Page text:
There’s a bit more in Rick Wershe’s letter from prison and I’ll share it in the next post.

***
Here’s how to write to Rick Wershe if you are inclined to do so. Be sure to include his inmate number in the address and on the head of the letter itself:

Mr. Richard J. Wershe, Jr.
No. K70365
Columbia Correctional Institution
216 SE Corrections Way, Lake City, FL 32025

  


Sunday, November 5, 2017

A long letter from Rick


Richard Wershe, Jr. is in a Florida prison serving the remainder of a jail term for a conviction in a car fraud and theft case. He was transferred to Florida after the Michigan Parole Board granted him a parole from a life prison term for a non-violent drug conviction when he was 18. He spent 29 1/2 years behind bars for the drug case. Wershe had been an FBI informant and he told on the wrong people, politically powerful people, who fought to keep him in prison until he died. He cost them a lot of money by telling the FBI about them. Communication with Wershe in Florida is difficult but recently he sent a lengthy letter…

I have not been able to communicate directly with Rick Wershe since mid-July. Communicating with inmates in the Florida prison system is difficult, even for defense attorneys.

When Wershe was assigned to a prison in Florida and I had an actual address, I sent him a letter. He sent a reply letter that runs several pages. It will be the basis for several Informant America blogs. In my letter to Rick I told him many people remain interested in his story. As of this weekend, the number of page views for Informant America numbers close to 344-thousand. The previous post, about Rick’s new “home” in Florida had over 65-hundred views.

I explained to Rick that people want to know what’s up with him. So, I’m going to quote from his letter because he knows people are interested.


This is Rick Wershe's Florida inmate photo (Florida Dept. of Corrections)


Rick is in prison culture shock and he doesn’t mind saying so. “My new residence,” Rick writes, “Wow. Culture shock! No one should ever complain about a MI (Michigan) prison again!”

Wershe spent years at the Oaks Correctional Facility in Manistee on the western side of Michigan. There, he was in a security unit separated from the rest of the inmate population. He was in there with others who had been informants in important cases or they had been police officers or prosecutors or judges who might be in physical danger in the general inmate population.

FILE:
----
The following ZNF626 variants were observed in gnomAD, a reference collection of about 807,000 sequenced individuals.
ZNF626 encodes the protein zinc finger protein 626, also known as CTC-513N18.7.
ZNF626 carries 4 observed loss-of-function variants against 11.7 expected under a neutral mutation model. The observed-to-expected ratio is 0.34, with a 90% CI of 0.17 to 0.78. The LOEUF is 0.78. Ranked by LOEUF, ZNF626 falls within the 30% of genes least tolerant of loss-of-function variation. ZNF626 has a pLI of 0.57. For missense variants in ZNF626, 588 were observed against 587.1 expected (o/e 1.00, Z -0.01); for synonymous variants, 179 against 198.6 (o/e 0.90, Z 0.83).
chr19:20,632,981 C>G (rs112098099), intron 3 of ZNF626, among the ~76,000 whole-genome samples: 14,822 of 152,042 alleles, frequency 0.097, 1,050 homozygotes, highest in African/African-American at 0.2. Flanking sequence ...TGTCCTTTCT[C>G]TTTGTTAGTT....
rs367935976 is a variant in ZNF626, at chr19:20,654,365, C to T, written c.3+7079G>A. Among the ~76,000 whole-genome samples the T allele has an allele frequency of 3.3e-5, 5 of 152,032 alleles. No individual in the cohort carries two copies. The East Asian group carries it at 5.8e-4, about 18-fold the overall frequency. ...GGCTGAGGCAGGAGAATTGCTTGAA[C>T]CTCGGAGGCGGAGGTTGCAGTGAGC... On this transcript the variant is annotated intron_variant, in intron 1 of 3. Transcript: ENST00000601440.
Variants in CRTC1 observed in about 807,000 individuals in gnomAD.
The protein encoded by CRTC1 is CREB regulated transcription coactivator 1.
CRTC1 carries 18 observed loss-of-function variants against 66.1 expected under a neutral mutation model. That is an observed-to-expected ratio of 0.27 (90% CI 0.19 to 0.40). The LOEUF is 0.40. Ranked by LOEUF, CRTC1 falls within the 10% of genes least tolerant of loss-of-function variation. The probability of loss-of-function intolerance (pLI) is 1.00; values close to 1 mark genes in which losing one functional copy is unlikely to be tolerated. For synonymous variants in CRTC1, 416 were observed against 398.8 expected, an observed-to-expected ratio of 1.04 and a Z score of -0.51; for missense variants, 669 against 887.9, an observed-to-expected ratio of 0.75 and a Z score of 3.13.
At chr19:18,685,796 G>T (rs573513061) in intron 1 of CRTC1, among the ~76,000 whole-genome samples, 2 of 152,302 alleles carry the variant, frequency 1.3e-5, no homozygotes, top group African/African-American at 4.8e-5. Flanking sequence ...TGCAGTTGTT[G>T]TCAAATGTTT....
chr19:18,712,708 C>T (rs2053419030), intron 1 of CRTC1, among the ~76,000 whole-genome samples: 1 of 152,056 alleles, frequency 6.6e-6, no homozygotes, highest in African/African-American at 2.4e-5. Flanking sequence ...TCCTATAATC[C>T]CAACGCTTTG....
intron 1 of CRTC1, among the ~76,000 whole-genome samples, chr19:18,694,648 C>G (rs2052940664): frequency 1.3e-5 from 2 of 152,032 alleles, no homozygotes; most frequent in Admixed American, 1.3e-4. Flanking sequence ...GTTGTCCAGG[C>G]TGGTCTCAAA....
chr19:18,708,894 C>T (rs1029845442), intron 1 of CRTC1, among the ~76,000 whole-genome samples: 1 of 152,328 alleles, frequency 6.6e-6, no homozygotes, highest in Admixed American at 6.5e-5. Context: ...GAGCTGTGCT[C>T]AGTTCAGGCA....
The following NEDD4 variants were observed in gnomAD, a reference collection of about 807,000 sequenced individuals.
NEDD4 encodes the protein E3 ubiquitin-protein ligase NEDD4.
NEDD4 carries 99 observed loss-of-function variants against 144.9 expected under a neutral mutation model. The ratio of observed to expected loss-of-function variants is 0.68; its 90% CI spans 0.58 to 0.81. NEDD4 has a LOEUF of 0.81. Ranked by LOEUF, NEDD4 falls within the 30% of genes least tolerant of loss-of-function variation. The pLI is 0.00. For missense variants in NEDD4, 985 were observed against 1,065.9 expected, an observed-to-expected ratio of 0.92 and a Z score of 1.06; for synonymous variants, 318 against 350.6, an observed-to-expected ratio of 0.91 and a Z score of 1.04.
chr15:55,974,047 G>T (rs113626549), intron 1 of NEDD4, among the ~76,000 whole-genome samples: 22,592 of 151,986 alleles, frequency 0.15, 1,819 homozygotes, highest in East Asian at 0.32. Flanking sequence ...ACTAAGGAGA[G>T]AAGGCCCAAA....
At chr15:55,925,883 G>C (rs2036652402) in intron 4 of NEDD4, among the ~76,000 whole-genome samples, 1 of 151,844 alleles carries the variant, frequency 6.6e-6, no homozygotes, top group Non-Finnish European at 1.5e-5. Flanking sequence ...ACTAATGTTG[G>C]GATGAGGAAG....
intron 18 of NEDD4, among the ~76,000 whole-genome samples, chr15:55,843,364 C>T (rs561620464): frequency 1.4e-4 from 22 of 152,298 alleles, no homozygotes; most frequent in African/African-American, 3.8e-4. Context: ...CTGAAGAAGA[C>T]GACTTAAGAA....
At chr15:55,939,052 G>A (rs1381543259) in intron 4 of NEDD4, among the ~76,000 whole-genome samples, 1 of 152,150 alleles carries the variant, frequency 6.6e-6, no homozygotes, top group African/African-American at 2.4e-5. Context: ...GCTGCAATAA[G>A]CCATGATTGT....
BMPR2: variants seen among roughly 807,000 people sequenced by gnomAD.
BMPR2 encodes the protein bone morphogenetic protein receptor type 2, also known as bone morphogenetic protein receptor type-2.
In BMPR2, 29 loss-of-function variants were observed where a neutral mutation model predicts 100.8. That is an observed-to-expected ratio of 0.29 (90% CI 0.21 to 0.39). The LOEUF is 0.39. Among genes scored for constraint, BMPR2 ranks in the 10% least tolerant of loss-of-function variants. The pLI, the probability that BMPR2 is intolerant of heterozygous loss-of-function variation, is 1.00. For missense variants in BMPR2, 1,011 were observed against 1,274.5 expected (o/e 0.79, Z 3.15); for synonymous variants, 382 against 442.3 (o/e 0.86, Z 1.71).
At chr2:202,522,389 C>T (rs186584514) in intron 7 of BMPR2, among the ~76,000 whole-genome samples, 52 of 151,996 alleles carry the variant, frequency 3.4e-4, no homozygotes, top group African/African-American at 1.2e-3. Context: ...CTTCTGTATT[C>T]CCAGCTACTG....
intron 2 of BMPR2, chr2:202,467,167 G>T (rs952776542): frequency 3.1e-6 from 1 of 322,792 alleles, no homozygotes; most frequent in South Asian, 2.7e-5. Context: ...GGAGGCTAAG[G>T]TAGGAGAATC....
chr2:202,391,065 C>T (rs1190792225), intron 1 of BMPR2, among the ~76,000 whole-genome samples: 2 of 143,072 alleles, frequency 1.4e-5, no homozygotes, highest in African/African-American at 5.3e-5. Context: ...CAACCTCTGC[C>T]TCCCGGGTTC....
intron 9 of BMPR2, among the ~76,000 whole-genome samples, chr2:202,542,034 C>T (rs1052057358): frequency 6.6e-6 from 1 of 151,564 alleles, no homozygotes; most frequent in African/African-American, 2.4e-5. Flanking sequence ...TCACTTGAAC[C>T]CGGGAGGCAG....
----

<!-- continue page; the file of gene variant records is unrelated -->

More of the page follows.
Wershe had his own private cell. It was small, but it was his space. He had a little TV just for himself. Oaks has a restricted cable TV system but Rick could choose to watch what he wanted on the available channels, when he wanted. Not so in Florida.

The prison where he is locked up in Florida has “2-man cells with nothing in them, 2 bunks and 2 metal footlockers (plus) a metal sink and toilet.” He says both are old and “not very clean.” His letter continues, “Put it this way—in the last 29 ½ years I did (in prison), I have never lived like this.”


Most inmates in Florida prisons live in dorms. They have a bed and a footlocker and nothing else. This is not the prison where Rick Wershe is housed. (Photo-Florida Dept. of Corrections.

As for watching TV, there’s no private set in the cell. Wershe has to go to a “TV room” and watch one TV shared by “90 guys.” He says about half the inmates in his unit go to the TV room to watch the news, sports and maybe a few network TV shows. “Sure miss my own cell and own TV, no matter how small it was!” Rick writes.

Rick has had some difficulty just walking around. “The State of Florida issues you shoes that are like those “Croc sandals.” Inmates have to walk around in them until they can buy gym shoes, which takes about 2 months or so.”

Inmates have a dilemma. There aren’t work details where they can earn money, so accumulating cash for things like gym shoes can be a challenge. No, you can’t help Rick by sending him a pair. He has to wear prison-issue garb. Still, he’s anxious to get some canvas gym shoes because the prison-issue croc sandals, “made my feet swell walking in them, but you have no choice.”

There’s more in Rick’s letter and it will be shared in the next Informant America post.

***

If you want to send Rick a letter he would undoubtedly like to hear from you. But be aware the prison staff carefully reads all mail: going out and coming in. It would be wise to keep that in mind when writing a letter. Don’t forget to include his inmate number in the address:

Mr. Richard J. Wershe, Jr.
No. K70365
Columbia Correctional Institution

216 SE Corrections Way, Lake City, FL 32025

Sunday, October 22, 2017